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Digital Pictures - Hiding Your Location

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  • Digital Pictures - Hiding Your Location

    Digital Pictures – Hiding your Location

    Many people don’t realise, but digital pictures you have taken “in-situ” when you are looking for artefacts may be recording the exact location of your site. You wouldn’t necessarily want to give that away, would you?

    When you take a picture with a digital camera (or camera built into a phone), it stores information about the camera type, settings and date as metadata embedded within the image file, known as EXIF (Exchangable Image File) data. Smartphones also store the GPS co-ordinates of where the picture was taken and some (but not all) modern digital cameras now also have this feature.

    For cameras (if the feature exists), the default setting is usually “off” and for smartphones it’s usually “on”. For digital cameras, your manual will tell you how to check this (or change it).

    It’s also easy to switch it off for a smartphone. For an iPhone, to prevent “Geotag” data from being recorded on your pictures:

    1. Tap the "Settings" icon from the home screen.
    2. Tap the "Privacy"" menu.
    3. Choose "Location Services" from the top of the screen.
    4. Look for the "Camera" setting and change it from the "ON" position to the "OFF" position. You can do the same for other camera apps such as Facebook Camera or Instagram as well if you so wish.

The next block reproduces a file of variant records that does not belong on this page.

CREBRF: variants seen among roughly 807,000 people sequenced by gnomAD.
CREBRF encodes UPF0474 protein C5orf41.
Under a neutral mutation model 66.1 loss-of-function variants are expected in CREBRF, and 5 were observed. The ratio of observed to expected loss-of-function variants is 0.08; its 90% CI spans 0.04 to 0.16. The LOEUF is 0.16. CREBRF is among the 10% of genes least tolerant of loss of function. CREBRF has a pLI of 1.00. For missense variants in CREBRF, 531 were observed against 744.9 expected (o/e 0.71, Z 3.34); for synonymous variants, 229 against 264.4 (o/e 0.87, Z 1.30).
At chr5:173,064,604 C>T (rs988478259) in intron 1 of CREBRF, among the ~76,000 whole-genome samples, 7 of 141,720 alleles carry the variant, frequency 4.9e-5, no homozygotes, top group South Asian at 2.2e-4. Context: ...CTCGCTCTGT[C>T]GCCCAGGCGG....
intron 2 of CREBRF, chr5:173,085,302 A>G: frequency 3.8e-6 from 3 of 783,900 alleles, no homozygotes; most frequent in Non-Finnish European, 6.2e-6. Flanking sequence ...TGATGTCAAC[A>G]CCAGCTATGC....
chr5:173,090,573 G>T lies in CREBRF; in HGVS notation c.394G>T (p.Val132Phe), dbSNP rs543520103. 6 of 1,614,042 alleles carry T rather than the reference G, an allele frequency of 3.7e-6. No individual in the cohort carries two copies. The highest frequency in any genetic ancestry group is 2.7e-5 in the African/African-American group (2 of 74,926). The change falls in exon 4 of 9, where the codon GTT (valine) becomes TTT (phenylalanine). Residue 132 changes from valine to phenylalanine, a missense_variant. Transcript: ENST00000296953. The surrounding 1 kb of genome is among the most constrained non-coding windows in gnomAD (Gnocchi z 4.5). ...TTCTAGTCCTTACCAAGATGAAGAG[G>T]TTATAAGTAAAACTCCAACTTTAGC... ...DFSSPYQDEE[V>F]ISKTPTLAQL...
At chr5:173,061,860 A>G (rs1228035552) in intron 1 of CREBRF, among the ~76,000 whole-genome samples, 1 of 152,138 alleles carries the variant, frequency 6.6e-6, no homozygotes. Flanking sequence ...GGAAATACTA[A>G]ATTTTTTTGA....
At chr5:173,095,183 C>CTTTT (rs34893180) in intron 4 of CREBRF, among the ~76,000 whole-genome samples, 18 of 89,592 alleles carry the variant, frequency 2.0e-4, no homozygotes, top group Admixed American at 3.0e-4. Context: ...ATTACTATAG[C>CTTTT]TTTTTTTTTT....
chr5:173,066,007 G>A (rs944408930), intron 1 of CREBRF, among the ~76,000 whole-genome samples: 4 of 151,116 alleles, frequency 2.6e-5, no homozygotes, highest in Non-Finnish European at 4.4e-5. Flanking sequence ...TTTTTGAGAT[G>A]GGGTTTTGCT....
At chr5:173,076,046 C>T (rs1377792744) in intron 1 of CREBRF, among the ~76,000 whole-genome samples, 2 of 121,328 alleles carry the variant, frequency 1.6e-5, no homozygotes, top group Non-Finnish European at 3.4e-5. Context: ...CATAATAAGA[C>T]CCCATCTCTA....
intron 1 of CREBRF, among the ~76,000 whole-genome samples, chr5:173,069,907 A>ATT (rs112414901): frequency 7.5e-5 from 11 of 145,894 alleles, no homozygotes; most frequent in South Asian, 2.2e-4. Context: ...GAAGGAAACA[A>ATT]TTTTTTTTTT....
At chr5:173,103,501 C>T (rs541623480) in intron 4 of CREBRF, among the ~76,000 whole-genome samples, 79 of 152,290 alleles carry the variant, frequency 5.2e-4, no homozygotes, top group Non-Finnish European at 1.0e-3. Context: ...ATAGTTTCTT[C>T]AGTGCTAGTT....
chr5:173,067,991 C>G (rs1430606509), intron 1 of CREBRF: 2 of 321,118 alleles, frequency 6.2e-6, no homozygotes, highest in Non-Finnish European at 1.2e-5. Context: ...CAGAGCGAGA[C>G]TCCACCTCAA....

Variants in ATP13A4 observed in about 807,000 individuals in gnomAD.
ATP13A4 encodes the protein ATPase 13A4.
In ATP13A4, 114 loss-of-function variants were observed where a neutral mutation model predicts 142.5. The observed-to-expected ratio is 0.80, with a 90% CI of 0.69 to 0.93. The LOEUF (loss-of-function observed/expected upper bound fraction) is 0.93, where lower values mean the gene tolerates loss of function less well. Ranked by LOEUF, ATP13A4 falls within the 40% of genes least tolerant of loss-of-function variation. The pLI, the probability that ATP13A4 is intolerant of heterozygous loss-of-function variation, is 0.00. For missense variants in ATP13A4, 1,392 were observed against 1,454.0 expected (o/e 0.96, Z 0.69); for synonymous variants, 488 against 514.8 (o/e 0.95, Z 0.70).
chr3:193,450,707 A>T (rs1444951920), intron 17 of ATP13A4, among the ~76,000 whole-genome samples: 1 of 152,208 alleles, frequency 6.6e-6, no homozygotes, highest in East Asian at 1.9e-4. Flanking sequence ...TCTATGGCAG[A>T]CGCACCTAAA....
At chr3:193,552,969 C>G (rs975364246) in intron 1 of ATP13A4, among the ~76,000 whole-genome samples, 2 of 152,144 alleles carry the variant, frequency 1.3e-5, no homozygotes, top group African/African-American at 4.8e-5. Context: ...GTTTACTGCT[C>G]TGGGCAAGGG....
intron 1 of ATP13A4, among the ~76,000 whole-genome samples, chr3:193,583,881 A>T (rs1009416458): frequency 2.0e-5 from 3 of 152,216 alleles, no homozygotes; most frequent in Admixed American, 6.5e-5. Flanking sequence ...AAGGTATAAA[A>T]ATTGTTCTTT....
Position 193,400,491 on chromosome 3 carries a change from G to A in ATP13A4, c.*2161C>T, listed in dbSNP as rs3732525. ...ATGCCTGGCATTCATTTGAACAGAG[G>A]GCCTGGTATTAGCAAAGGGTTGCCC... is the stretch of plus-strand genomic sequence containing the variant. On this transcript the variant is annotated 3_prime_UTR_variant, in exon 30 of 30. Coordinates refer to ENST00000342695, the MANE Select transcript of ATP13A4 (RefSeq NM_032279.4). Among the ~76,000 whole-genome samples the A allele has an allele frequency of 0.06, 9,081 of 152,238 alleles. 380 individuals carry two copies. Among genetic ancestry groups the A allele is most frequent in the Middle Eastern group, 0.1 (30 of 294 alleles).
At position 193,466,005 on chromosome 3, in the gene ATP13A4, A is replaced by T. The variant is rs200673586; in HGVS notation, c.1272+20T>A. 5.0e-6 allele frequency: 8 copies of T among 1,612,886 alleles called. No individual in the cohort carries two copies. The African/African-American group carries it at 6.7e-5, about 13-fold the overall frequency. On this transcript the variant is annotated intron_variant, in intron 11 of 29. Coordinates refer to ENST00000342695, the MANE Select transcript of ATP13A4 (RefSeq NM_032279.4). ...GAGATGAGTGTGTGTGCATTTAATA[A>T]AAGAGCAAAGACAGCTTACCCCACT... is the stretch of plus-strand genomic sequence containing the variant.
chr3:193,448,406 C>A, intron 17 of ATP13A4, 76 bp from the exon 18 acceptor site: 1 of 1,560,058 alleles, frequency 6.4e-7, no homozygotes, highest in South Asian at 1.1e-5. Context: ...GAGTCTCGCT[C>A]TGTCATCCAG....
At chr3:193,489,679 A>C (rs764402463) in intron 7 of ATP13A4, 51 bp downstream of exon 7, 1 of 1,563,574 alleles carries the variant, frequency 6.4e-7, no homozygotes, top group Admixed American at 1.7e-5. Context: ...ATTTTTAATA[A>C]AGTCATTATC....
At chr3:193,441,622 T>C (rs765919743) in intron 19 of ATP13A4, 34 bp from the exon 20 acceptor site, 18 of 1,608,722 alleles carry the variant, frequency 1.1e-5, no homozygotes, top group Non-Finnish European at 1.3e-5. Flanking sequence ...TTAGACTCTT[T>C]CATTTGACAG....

5. Tap the "Home" button to close the settings app.

    The procedure should be equally straightforward for other smartphones.

    Removing the Data

    You can strip the Geotag information from photos already stored on your iPhone using an app such as “deGeo” (available from the iTunes App Store).

    On a PC, you can also remove this information via File Explorer. Choose an image file (or a group of files), right click and choose “Properties”. Then click the “Details” tab and click on the “Remove Properties and Personal Information”. The next screen will give you an option to remove the various pieces of metadata that are embedded in the file(s). In some cases, Windows doesn’t manage to delete all the data, but there’s a free utility available from Microsoft called “Pro Photo Tools” available for download here:

    http://www.microsoft.com/en-us/downl....aspx?id=13518

    The utility allows you to strip out all the metadata or even edit the data to create a false location for the picture. You could make it look like all your pictures were taken 20 miles away, or at the North Pole if you wanted.
    I keep six honest serving-men (they taught me all I knew); Their names are What and Why and When and How and Where and Who.
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